The era of the Barack Obama presidency is, unfortunately, coming to a close. While President Obama serves out the twilight of his administration, he is no longer pulling punches and has lifted the veil to share what he truly thinks about the conservative media.
Obama had a spirited interview with Ta-Nehisi Coates from The Atlantic, who is one the most renowned black intellectuals working today. Coates recently won the NAACP Image Award for Outstanding Literary Work. During the conversation, Obama launched into a blistering explanation describing a “fictional” variation of him that had been created right-wing media pundits. Obama said:
In 2008 I was never subjected to the kind of concentrated vilification of Fox News, Rush Limbaugh, the whole conservative-media ecosystem, and so as a consequence, even for my first two years as a senator I was polling at 70 percent,” Obama said.
They weren’t seeing some image of me as trying to take away their stuff and give it to black people, and coddle criminals, and all the stereotypes of not just African American politicians but liberal politicians. You started to see that kind of prism being established towards the end of the 2008 race, particularly once Sarah Palin was the nominee. And obviously almost immediately after I was elected, it was deployed in full force. And it had an impact in terms of how a large portion of white voters would see me.
Never before in the history of American politics has an individual been so vilified as Obama and routinely blamed for all of the ills surrounding the nation. This is particularly true regarding instances to which Obama had no hand or influence as he was not president at the time.
Who could forget the poll which rightly found 28% of Louisiana Republicans blamed the sitting president, George W. Bush, for the government’s horrible response to Hurricane Katrina? Conversely, 29% of Louisiana Republicans also blamed Barack Obama even though the hurricane took place in the Summer of 2005 nearly four years before Obama would assume the powers of the Oval Office.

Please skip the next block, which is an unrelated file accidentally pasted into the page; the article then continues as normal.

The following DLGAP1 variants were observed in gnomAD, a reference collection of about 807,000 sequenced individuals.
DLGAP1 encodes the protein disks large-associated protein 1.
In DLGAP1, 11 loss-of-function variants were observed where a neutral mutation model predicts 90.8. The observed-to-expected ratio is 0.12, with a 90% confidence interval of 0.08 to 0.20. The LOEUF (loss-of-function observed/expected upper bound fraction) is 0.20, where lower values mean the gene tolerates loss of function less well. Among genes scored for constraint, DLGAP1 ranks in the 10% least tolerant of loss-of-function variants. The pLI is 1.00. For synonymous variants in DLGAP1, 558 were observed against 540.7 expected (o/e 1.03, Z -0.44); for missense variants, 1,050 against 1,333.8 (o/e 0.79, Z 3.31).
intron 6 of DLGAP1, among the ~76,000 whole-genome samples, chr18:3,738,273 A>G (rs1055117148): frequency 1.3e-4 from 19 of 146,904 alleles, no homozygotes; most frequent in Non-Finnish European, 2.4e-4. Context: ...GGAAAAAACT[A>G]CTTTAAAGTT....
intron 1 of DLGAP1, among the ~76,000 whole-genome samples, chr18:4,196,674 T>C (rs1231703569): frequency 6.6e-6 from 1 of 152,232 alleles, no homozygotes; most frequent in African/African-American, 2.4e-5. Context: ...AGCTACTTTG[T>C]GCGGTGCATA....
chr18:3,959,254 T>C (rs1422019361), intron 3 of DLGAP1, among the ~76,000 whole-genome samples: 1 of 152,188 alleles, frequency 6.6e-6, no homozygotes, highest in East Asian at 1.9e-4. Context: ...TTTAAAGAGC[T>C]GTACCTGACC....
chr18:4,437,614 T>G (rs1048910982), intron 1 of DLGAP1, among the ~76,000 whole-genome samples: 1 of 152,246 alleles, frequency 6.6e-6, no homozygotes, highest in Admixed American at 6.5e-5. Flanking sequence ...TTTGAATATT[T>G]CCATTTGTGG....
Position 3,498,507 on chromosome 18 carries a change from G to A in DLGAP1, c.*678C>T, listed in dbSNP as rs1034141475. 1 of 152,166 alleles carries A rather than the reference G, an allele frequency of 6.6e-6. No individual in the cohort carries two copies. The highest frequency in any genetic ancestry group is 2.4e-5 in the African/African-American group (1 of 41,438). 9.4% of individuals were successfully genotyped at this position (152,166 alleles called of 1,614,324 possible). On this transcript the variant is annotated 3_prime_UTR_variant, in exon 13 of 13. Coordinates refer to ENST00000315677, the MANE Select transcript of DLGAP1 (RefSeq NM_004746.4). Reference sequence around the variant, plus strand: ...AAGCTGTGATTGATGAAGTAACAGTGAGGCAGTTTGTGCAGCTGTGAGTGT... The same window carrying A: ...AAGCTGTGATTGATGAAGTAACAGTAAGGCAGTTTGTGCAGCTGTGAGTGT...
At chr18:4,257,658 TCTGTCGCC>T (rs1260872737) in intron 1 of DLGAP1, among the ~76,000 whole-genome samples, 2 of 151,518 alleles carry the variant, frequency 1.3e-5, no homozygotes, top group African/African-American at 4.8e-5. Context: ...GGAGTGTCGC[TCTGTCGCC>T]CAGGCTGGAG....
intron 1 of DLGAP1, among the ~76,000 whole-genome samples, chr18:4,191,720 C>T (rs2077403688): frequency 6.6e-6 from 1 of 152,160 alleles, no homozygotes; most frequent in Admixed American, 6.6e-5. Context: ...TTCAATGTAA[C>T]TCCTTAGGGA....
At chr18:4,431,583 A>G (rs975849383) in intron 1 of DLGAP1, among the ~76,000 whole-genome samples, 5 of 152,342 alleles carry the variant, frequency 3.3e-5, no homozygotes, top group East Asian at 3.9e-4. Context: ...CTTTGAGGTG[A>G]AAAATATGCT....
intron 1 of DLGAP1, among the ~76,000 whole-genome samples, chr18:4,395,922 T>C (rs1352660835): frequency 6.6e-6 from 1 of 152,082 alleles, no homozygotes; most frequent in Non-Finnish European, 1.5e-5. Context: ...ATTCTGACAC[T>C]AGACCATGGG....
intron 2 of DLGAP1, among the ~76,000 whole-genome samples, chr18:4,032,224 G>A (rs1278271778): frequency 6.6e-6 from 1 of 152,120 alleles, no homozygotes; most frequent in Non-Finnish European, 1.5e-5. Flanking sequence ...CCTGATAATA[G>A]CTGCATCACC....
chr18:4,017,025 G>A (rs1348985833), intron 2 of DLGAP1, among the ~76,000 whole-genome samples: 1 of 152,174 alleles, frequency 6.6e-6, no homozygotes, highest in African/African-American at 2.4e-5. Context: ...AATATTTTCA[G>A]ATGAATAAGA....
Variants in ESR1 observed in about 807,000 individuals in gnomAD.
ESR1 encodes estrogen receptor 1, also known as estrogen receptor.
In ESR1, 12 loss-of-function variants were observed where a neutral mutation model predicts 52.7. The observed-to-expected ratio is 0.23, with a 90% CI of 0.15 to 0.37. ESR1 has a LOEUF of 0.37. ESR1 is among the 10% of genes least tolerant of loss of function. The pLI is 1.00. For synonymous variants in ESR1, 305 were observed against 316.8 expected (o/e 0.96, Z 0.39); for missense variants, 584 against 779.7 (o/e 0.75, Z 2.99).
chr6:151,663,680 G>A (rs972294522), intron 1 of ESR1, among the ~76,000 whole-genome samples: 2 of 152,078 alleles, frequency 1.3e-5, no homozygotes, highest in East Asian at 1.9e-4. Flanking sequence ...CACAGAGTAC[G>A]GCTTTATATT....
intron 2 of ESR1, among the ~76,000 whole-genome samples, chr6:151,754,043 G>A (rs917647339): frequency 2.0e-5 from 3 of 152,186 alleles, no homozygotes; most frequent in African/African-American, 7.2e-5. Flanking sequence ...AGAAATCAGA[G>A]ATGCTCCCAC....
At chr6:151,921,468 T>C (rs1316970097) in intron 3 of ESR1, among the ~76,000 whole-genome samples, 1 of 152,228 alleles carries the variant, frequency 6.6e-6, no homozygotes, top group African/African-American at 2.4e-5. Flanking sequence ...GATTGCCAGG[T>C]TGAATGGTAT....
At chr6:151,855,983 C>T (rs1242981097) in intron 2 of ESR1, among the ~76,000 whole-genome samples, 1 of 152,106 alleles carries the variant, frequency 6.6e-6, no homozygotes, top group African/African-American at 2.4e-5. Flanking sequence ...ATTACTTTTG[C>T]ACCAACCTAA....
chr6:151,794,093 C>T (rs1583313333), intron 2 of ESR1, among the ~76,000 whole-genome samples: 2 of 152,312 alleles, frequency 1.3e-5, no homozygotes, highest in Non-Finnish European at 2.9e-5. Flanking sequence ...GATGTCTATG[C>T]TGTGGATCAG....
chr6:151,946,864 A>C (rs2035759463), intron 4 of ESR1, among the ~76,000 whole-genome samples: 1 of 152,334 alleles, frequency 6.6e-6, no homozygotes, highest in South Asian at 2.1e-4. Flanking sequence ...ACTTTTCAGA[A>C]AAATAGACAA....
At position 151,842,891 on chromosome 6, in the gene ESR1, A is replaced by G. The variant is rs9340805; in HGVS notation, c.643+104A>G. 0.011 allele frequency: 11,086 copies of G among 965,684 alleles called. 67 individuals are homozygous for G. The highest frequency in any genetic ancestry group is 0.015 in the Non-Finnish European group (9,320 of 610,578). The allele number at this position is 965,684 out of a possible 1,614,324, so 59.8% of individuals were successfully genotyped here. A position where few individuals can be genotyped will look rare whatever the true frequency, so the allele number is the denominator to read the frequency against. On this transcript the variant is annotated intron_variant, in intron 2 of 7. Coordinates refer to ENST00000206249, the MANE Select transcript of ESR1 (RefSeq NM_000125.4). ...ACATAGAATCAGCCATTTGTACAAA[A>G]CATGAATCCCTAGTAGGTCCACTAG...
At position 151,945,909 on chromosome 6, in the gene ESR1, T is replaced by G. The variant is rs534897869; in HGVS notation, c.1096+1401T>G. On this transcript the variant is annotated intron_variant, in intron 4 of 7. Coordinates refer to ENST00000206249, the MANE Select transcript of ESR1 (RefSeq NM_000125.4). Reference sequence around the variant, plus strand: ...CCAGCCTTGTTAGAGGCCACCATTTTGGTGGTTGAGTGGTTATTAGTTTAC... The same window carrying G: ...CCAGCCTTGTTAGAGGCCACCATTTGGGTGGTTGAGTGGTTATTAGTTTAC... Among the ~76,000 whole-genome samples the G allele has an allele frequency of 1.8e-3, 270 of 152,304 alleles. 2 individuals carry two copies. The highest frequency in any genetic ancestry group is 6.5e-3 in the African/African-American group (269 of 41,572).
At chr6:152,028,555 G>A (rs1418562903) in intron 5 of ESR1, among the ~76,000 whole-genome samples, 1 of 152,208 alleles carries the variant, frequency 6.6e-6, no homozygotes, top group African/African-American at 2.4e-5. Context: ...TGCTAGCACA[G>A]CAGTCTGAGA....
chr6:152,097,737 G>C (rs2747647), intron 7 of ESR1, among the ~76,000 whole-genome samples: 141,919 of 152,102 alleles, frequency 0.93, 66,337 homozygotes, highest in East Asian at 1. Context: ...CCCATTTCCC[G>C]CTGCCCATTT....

This type of oblivious stupidity is difficult to combat when individuals create their own reality out of pure fiction. Later in the discussion with Coates, Obama continued to analyze the public’s perception of him and why he does not blame certain members of the idiotic public for being bamboozled by the nonstop barrage of inundation from the conservative media:
And so when people criticize or respond negatively to me, usually they’re responding to this character that they’re seeing on TV called Barack Obama, or to the office of the presidency and the White House and what that represents. And so you don’t take it personally. You understand that if people are angry that somehow the government is failing, then they are going to look to the guy who represents government. And that applies, by the way, even to some of the folks who are now Trump supporters. They’re responding to a fictional character named Barack Obama who they see on Fox News or who they hear about through Rush Limbaugh.
One wonders, for example, with Obama leaving office will the prepaid phone program which began under President Ronald Reagan, but were blamed on Obama by calling the phones “Obama phones” will now magically be changed to “Trump phones”? Will Republican commentators suddenly change their tune? One risks asphyxiation by holding their breath to wait and see.
Instead what the American people will be treated to is the Republican party, and its propaganda machine, turning a complete about face. Rather than the criticism towards Obama they will instead praise Donald Trump. All of which was considered evil and detrimental will now be welcomed with open arms. The most unfortunate aspect is the far majority of Republican voters will not notice this change and will never recognize how they were so completely manipulated over the last eight years.
Lou Colagiovanni is an investigative journalist living in Las Vegas who specializes in politics and crime. His work has been highlighted all over the world and he is regularly featured on television and radio.